Feeling All Powerful
The fourth fallacy is false omnipotence. This fallacy occurs when one starts to believe one is all-powerful. The superintendent was determined to assert his power as chief executive of the district. He viewed others as having to work with him, not him as having to work with them. The members of the board who opposed him were people to be crushed. He felt the same for the opposition in the union. After all, he was the chief, and the rest had to learn how to deal with him. He viewed listening and compromise as signs of weakness, and he was determined to project an image only of strength.

National leaders who have believed themselves to be omnipotent, from ancient Rome to Napoleonic France, usually have suffered crushing reverses precisely because of their false beliefs. Napoleon believed he was invincible when he invaded Russia. Instead, his folly was the beginning of the end of his rule.

The fifth fallacy is false invulnerability. This fallacy occurs when leaders believe that no matter what they do, no one can get back at them. The superintendent believed his position would protect him from retaliation by disgruntled board and union members. He was wrong. A recent U.S. president found himself in the extremely awkward position of being impeached. In a series of government jobs, he had involved himself in extramarital relationships, apparently believing his high position would render him invulnerable either to being found out or to being harmed. When he was found out, he appeared to lie under oath in court. He discovered he was not invulnerable after all.

A candidate in the 2008 presidential primaries also seemed to believe his exalted position would protect him from being found out and made to pay for his sexual indiscretions. He too was wrong.

The sixth fallacy is ethical disengagement. When people believe they are invulnerable, they may start acting in ways that are ethically disengaged, as in the above scenarios. When the superintendent was threatened by his opposition, he took to bad-mouthing them behind their backs to almost anyone who would listen. He only made his situation worse because, of course, his disparaging comments got back to them. He was acting unethically because they had not, in fact, done anything wrong other than disagree with him over policy and power issues.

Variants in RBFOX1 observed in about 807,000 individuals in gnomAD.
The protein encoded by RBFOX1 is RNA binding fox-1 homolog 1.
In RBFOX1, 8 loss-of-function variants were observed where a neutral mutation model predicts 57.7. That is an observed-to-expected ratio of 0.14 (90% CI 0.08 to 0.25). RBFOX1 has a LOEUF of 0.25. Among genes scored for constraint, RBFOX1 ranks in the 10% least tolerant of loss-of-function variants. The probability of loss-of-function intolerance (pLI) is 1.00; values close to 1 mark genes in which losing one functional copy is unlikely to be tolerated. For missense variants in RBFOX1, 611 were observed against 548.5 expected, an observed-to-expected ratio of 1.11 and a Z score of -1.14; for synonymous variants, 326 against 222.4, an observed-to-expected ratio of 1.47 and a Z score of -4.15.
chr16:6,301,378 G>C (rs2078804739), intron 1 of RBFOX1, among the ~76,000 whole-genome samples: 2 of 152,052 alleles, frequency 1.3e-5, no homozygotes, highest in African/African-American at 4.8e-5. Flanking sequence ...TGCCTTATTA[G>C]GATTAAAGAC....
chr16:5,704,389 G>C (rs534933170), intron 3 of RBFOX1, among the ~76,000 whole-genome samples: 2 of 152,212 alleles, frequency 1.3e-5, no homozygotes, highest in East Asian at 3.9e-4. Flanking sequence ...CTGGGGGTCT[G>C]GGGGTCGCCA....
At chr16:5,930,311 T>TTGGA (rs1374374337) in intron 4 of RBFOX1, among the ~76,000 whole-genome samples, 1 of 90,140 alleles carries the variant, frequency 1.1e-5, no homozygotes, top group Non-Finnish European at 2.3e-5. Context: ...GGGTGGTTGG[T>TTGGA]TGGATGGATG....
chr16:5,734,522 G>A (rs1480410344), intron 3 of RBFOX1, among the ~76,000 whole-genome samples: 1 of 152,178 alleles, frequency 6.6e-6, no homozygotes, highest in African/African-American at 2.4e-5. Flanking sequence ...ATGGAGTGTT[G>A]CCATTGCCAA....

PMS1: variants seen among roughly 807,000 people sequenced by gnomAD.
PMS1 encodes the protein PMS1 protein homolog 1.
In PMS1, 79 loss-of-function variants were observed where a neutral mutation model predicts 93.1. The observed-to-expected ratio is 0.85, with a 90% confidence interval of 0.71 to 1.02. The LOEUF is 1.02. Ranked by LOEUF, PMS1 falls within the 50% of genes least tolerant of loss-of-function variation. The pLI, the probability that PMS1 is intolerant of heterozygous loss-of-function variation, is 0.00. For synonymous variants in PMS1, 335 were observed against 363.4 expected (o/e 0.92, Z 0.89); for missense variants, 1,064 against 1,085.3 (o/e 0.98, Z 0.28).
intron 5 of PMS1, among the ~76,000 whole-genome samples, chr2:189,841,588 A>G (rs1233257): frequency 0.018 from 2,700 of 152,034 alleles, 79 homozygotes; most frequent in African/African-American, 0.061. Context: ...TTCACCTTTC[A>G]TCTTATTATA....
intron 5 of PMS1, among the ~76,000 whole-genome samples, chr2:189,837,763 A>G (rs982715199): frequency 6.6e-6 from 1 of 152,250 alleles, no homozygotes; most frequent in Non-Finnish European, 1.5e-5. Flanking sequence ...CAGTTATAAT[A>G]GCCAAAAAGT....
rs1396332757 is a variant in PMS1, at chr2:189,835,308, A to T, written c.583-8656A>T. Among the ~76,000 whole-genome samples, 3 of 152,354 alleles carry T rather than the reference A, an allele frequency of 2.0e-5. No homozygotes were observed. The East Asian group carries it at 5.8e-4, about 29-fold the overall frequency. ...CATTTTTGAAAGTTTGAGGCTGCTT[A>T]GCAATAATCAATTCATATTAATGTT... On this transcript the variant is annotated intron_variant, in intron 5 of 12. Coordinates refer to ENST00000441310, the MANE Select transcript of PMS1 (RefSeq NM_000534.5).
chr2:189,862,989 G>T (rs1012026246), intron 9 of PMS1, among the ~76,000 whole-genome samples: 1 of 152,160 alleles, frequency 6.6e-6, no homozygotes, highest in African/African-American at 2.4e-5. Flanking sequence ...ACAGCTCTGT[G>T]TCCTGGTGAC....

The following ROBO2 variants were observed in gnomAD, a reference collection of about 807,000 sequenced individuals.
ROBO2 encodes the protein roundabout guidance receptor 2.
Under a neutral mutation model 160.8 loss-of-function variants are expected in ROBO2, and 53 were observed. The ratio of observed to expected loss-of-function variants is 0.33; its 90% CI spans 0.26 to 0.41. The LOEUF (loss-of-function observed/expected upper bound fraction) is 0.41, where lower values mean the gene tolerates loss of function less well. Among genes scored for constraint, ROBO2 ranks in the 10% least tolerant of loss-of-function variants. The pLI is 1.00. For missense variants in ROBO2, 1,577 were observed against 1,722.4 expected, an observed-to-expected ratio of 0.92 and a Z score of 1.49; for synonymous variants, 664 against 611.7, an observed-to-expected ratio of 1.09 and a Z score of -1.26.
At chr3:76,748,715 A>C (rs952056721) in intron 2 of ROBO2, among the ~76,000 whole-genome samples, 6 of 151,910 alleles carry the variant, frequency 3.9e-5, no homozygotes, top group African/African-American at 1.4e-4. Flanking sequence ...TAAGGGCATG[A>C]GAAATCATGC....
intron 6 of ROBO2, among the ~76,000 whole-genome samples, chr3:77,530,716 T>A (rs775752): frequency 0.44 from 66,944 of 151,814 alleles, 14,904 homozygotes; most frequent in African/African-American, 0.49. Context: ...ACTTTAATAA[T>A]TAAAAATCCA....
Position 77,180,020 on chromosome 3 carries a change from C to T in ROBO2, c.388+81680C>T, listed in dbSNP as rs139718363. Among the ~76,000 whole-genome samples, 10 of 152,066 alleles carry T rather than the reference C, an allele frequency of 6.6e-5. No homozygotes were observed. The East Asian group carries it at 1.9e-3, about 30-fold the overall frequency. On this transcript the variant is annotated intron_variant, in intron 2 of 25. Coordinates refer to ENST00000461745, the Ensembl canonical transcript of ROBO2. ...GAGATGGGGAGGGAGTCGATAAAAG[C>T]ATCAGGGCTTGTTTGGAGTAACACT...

In administrative jobs, wisdom is as much about knowing what not to say as it is about knowing what to say. The superintendent should have kept his views to himself. His behavior did not reach the levels of some televangelists, however, who, while exhorting people to behave morally, themselves have behaved in ways that have brought upon them disgrace and even prison. They are extreme examples of ethical disengagement, preaching ethical behavior while believing it applies to everyone except themselves.

Future Directions
In the end, good leadership is about the synthesis of wisdom, intelligence and creativity. Schools, from the primary level onward, place a great emphasis on the memory-based and analytical aspects of intelligence. Under the No Child Left Behind Act, this emphasis is greater than ever. But the schools are emphasizing memory and analytical skills at the expense of creative, practical and wisdom-based ones, arguably the skills one needs the most in later life.

The risk for our country is that we will end up with future leaders and a future citizenry who lack the wisdom they need to move us successfully into an increasingly uncertain and challenging future. With all the problems our schools, our society and our world face, can we really afford to have citizens or leaders who are unwise or even downright foolish?

Robert Sternberg is dean of the School of Arts and Sciences at Tufts University in Medford, Mass. E-mail: robert.sternberg@tufts.edu